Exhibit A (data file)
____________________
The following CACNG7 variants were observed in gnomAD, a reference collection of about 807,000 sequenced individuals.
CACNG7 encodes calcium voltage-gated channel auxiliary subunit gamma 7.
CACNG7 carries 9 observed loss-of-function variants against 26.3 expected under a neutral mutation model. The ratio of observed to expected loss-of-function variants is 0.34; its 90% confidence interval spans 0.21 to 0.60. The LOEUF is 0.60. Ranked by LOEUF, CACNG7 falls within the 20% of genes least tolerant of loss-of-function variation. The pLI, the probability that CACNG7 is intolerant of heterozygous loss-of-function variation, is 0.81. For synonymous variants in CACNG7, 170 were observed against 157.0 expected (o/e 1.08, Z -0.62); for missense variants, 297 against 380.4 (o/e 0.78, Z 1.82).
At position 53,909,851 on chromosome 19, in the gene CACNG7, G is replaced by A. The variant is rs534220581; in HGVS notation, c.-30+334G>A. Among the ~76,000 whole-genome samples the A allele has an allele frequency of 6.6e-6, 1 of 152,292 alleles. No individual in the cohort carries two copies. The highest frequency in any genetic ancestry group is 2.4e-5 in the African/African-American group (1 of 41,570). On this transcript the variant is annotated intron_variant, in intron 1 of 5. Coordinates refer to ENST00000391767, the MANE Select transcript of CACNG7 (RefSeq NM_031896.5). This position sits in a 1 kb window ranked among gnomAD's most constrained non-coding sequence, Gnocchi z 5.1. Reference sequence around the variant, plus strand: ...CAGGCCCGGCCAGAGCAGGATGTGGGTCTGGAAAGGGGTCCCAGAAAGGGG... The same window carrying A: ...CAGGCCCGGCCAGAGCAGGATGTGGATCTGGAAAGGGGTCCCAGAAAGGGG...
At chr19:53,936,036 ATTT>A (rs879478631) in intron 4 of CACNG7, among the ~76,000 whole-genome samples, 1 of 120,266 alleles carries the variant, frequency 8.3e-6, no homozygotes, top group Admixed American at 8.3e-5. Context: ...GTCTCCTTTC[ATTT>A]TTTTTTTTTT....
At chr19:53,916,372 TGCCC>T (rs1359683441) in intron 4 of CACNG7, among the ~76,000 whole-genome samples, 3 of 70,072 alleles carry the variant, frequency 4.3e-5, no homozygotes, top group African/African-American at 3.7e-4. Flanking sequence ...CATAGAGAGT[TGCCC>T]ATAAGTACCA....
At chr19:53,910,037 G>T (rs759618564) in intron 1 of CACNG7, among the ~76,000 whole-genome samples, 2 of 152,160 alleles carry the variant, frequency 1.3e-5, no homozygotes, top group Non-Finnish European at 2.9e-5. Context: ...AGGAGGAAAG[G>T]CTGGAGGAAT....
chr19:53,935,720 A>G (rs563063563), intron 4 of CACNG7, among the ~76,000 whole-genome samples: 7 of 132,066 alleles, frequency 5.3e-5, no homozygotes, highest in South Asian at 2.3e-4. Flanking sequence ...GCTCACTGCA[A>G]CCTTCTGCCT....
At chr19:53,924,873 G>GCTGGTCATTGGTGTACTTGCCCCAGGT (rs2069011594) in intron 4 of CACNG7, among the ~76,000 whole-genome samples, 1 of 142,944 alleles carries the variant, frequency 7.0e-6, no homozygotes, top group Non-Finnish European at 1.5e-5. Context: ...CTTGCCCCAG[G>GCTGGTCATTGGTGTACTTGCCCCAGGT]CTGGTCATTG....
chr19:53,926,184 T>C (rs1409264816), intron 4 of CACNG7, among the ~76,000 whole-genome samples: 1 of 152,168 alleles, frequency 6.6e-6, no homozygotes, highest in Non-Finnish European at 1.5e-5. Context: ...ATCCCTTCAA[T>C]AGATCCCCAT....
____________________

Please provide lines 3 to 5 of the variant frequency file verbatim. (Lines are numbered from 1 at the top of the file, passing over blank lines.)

CACNG7 carries 9 observed loss-of-function variants against 26.3 expected under a neutral mutation model. The ratio of observed to expected loss-of-function variants is 0.34; its 90% confidence interval spans 0.21 to 0.60. The LOEUF is 0.60. Ranked by LOEUF, CACNG7 falls within the 20% of genes least tolerant of loss-of-function variation. The pLI, the probability that CACNG7 is intolerant of heterozygous loss-of-function variation, is 0.81. For synonymous variants in CACNG7, 170 were observed against 157.0 expected (o/e 1.08, Z -0.62); for missense variants, 297 against 380.4 (o/e 0.78, Z 1.82).
At position 53,909,851 on chromosome 19, in the gene CACNG7, G is replaced by A. The variant is rs534220581; in HGVS notation, c.-30+334G>A. Among the ~76,000 whole-genome samples the A allele has an allele frequency of 6.6e-6, 1 of 152,292 alleles. No individual in the cohort carries two copies. The highest frequency in any genetic ancestry group is 2.4e-5 in the African/African-American group (1 of 41,570). On this transcript the variant is annotated intron_variant, in intron 1 of 5. Coordinates refer to ENST00000391767, the MANE Select transcript of CACNG7 (RefSeq NM_031896.5). This position sits in a 1 kb window ranked among gnomAD's most constrained non-coding sequence, Gnocchi z 5.1. Reference sequence around the variant, plus strand: ...CAGGCCCGGCCAGAGCAGGATGTGGGTCTGGAAAGGGGTCCCAGAAAGGGG... The same window carrying A: ...CAGGCCCGGCCAGAGCAGGATGTGGATCTGGAAAGGGGTCCCAGAAAGGGG...
At chr19:53,936,036 ATTT>A (rs879478631) in intron 4 of CACNG7, among the ~76,000 whole-genome samples, 1 of 120,266 alleles carries the variant, frequency 8.3e-6, no homozygotes, top group Admixed American at 8.3e-5. Context: ...GTCTCCTTTC[ATTT>A]TTTTTTTTTT....